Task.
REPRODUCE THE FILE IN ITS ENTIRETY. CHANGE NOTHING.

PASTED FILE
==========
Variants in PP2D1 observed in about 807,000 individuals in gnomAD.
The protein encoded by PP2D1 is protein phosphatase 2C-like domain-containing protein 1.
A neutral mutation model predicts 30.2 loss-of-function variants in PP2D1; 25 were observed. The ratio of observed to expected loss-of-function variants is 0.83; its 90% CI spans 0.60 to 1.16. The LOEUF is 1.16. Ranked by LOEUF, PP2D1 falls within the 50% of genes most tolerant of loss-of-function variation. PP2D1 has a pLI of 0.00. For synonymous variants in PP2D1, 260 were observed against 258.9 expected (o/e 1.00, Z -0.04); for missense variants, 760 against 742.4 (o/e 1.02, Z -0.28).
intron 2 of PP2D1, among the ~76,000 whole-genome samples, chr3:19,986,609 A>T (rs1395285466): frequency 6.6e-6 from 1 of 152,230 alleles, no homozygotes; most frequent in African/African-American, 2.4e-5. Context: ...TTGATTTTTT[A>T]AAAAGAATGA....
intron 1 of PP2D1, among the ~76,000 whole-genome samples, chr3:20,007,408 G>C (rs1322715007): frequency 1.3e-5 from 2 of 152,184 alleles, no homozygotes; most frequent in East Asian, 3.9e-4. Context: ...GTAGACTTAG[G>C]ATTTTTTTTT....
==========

Variants in PP2D1 observed in about 807,000 individuals in gnomAD.
The protein encoded by PP2D1 is protein phosphatase 2C-like domain-containing protein 1.
A neutral mutation model predicts 30.2 loss-of-function variants in PP2D1; 25 were observed. The ratio of observed to expected loss-of-function variants is 0.83; its 90% CI spans 0.60 to 1.16. The LOEUF is 1.16. Ranked by LOEUF, PP2D1 falls within the 50% of genes most tolerant of loss-of-function variation. PP2D1 has a pLI of 0.00. For synonymous variants in PP2D1, 260 were observed against 258.9 expected (o/e 1.00, Z -0.04); for missense variants, 760 against 742.4 (o/e 1.02, Z -0.28).
intron 2 of PP2D1, among the ~76,000 whole-genome samples, chr3:19,986,609 A>T (rs1395285466): frequency 6.6e-6 from 1 of 152,230 alleles, no homozygotes; most frequent in African/African-American, 2.4e-5. Context: ...TTGATTTTTT[A>T]AAAAGAATGA....
intron 1 of PP2D1, among the ~76,000 whole-genome samples, chr3:20,007,408 G>C (rs1322715007): frequency 1.3e-5 from 2 of 152,184 alleles, no homozygotes; most frequent in East Asian, 3.9e-4. Context: ...GTAGACTTAG[G>C]ATTTTTTTTT....